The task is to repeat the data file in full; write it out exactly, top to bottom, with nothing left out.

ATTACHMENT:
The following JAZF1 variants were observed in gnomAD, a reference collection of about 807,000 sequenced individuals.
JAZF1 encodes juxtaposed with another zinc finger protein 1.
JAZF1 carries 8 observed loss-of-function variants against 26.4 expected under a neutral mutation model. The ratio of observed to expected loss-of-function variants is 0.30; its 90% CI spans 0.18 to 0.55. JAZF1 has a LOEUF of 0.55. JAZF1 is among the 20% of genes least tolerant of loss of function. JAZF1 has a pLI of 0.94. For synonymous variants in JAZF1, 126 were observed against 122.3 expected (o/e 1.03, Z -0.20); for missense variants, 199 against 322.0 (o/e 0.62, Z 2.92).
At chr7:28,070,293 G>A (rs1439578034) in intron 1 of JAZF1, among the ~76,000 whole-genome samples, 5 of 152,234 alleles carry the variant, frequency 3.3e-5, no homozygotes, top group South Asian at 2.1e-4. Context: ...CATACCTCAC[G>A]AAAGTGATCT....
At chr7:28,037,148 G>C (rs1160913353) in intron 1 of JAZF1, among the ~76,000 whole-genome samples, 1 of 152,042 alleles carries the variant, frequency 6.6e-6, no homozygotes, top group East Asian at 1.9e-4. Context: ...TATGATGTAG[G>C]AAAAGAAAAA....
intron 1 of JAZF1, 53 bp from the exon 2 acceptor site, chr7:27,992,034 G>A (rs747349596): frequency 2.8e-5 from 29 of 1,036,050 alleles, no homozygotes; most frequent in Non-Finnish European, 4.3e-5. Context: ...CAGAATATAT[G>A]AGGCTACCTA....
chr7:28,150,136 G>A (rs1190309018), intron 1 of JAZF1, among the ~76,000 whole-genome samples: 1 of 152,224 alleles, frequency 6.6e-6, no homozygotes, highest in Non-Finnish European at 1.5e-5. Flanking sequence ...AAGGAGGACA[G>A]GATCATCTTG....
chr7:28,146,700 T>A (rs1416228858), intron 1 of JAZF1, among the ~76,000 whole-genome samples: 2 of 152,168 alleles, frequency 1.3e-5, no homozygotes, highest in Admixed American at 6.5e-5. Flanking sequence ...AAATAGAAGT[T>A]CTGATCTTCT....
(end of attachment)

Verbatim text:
The following JAZF1 variants were observed in gnomAD, a reference collection of about 807,000 sequenced individuals.
JAZF1 encodes juxtaposed with another zinc finger protein 1.
JAZF1 carries 8 observed loss-of-function variants against 26.4 expected under a neutral mutation model. The ratio of observed to expected loss-of-function variants is 0.30; its 90% CI spans 0.18 to 0.55. JAZF1 has a LOEUF of 0.55. JAZF1 is among the 20% of genes least tolerant of loss of function. JAZF1 has a pLI of 0.94. For synonymous variants in JAZF1, 126 were observed against 122.3 expected (o/e 1.03, Z -0.20); for missense variants, 199 against 322.0 (o/e 0.62, Z 2.92).
At chr7:28,070,293 G>A (rs1439578034) in intron 1 of JAZF1, among the ~76,000 whole-genome samples, 5 of 152,234 alleles carry the variant, frequency 3.3e-5, no homozygotes, top group South Asian at 2.1e-4. Context: ...CATACCTCAC[G>A]AAAGTGATCT....
At chr7:28,037,148 G>C (rs1160913353) in intron 1 of JAZF1, among the ~76,000 whole-genome samples, 1 of 152,042 alleles carries the variant, frequency 6.6e-6, no homozygotes, top group East Asian at 1.9e-4. Context: ...TATGATGTAG[G>C]AAAAGAAAAA....
intron 1 of JAZF1, 53 bp from the exon 2 acceptor site, chr7:27,992,034 G>A (rs747349596): frequency 2.8e-5 from 29 of 1,036,050 alleles, no homozygotes; most frequent in Non-Finnish European, 4.3e-5. Context: ...CAGAATATAT[G>A]AGGCTACCTA....
chr7:28,150,136 G>A (rs1190309018), intron 1 of JAZF1, among the ~76,000 whole-genome samples: 1 of 152,224 alleles, frequency 6.6e-6, no homozygotes, highest in Non-Finnish European at 1.5e-5. Flanking sequence ...AAGGAGGACA[G>A]GATCATCTTG....
chr7:28,146,700 T>A (rs1416228858), intron 1 of JAZF1, among the ~76,000 whole-genome samples: 2 of 152,168 alleles, frequency 1.3e-5, no homozygotes, highest in Admixed American at 6.5e-5. Flanking sequence ...AAATAGAAGT[T>A]CTGATCTTCT....